1. The cynical effort to protect Hillary Clinton by scheduling debates at times when as few people as possible will watch them has officially become ludicrous, and also beyond denial. CNN’s alleged media watchdog Brian Stelter, in one of his occasional non-partisan episodes, grilled Debbie Wasserman Schultz on the strategy Sunday, and got a typical Wasserman Schultz-ish non answer, as she compared the TV rations with past debates and then mocked the Republican debates, which have been more conveniently scheduled and have garnered far more viewers. This time the tactic worked on me: my wife wanted to watch “Downton Abbey” (during the debate, one website wag on a post about the Democrats wrote, “Lady Crawley is losing the debate with Mrs Hughes and with The Hospital Board merger. Sad.”) Showtime was also running “The Godfather Epic,” which I had never seen, re-editing I and II together (but somehow differently from “The Godfather Saga.” I didn’t last to the end, so I assumed it also included III, and so wrote until a commenter put me straight), and then there was the football game. I had to watch the MSNBC re-run late into the night.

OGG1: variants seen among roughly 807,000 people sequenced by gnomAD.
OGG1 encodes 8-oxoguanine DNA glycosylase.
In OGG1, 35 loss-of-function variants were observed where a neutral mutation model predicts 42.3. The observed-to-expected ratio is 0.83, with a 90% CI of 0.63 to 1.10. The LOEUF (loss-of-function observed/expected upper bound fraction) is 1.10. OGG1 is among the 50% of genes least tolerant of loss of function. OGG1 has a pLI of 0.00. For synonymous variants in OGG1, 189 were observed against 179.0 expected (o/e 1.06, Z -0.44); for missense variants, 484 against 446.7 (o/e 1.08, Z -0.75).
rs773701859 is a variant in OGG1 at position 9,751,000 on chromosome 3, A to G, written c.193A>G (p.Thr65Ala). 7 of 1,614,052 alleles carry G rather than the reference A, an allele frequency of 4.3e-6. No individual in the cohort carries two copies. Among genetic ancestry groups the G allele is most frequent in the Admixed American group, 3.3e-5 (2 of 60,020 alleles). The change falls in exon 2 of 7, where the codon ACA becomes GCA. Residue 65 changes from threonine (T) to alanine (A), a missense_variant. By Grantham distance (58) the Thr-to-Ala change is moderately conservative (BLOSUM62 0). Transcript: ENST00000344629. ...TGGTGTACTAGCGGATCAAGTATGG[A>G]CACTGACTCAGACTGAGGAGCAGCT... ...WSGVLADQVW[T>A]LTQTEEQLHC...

2. Several commenters claimed that Bernie was rude to Hillary, making funny faces, shouting. That’s Bernie, though, and here we go again: Hillary’s a feminist, but her supporters want to impose a double standard of how she is treated in the rough-and-tumble world of politics. This has, after all, been very effective from the race perspective insulating Barack Obama. If the Democrats dare to run such a corrupt candidate as Hillary, they will deserve Trump as the opposition, the one candidate who won’t pay any attention to media claims that he should pull his punches.
Nothing Bernie did during last night’s debate was nearly as outrageous as Joe Biden’s snorting, snickering, eye-rolling and constantly interrupting performance in the 2012 Vice-Presidential debate with Paul Ryan, as Martha Raddatz played “boxing referee who has taken a bribe” by ignoring it all. Well, but Ryan’s a guy, and a Republican , so he didn’t deserve common civility.
3. The central dishonesty in this debate and all of the Democratic debates is the inherent hypocrisy of simultaneously saying the economy is a mess and Wall Street is pulling the strings, while extolling the record of Barack Obama. Sanders is the most hypocritical, at one point proclaiming his pro-Obama bona fides as he runs a campaign calling for a revolution. Here’s Sanders in his opening: